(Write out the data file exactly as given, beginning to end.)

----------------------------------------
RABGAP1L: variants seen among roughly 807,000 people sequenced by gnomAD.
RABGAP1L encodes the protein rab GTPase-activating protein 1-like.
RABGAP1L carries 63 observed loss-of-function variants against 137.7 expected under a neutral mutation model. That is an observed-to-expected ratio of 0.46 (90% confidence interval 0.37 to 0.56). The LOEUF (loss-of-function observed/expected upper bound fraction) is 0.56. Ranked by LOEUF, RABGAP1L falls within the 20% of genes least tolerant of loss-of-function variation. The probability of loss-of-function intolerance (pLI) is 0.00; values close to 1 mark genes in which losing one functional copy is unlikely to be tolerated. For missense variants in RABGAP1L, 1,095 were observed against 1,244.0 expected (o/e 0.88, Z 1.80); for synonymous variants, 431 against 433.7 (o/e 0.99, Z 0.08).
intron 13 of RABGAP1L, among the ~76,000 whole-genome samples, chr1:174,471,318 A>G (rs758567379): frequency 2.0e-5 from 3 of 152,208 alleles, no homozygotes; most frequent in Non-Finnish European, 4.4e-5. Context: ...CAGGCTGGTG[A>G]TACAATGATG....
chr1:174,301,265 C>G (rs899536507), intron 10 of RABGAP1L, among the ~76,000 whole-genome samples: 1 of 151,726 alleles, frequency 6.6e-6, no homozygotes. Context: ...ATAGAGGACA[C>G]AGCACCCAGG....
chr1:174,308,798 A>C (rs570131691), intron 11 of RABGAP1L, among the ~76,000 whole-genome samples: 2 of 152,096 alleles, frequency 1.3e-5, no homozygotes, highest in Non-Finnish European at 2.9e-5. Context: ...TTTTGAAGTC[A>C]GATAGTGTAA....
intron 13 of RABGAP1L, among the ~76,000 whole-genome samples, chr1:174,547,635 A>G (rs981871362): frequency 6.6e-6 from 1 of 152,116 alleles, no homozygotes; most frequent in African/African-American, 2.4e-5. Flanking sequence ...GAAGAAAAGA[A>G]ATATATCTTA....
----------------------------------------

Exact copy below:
RABGAP1L: variants seen among roughly 807,000 people sequenced by gnomAD.
RABGAP1L encodes the protein rab GTPase-activating protein 1-like.
RABGAP1L carries 63 observed loss-of-function variants against 137.7 expected under a neutral mutation model. That is an observed-to-expected ratio of 0.46 (90% confidence interval 0.37 to 0.56). The LOEUF (loss-of-function observed/expected upper bound fraction) is 0.56. Ranked by LOEUF, RABGAP1L falls within the 20% of genes least tolerant of loss-of-function variation. The probability of loss-of-function intolerance (pLI) is 0.00; values close to 1 mark genes in which losing one functional copy is unlikely to be tolerated. For missense variants in RABGAP1L, 1,095 were observed against 1,244.0 expected (o/e 0.88, Z 1.80); for synonymous variants, 431 against 433.7 (o/e 0.99, Z 0.08).
intron 13 of RABGAP1L, among the ~76,000 whole-genome samples, chr1:174,471,318 A>G (rs758567379): frequency 2.0e-5 from 3 of 152,208 alleles, no homozygotes; most frequent in Non-Finnish European, 4.4e-5. Context: ...CAGGCTGGTG[A>G]TACAATGATG....
chr1:174,301,265 C>G (rs899536507), intron 10 of RABGAP1L, among the ~76,000 whole-genome samples: 1 of 151,726 alleles, frequency 6.6e-6, no homozygotes. Context: ...ATAGAGGACA[C>G]AGCACCCAGG....
chr1:174,308,798 A>C (rs570131691), intron 11 of RABGAP1L, among the ~76,000 whole-genome samples: 2 of 152,096 alleles, frequency 1.3e-5, no homozygotes, highest in Non-Finnish European at 2.9e-5. Context: ...TTTTGAAGTC[A>C]GATAGTGTAA....
intron 13 of RABGAP1L, among the ~76,000 whole-genome samples, chr1:174,547,635 A>G (rs981871362): frequency 6.6e-6 from 1 of 152,116 alleles, no homozygotes; most frequent in African/African-American, 2.4e-5. Flanking sequence ...GAAGAAAAGA[A>G]ATATATCTTA....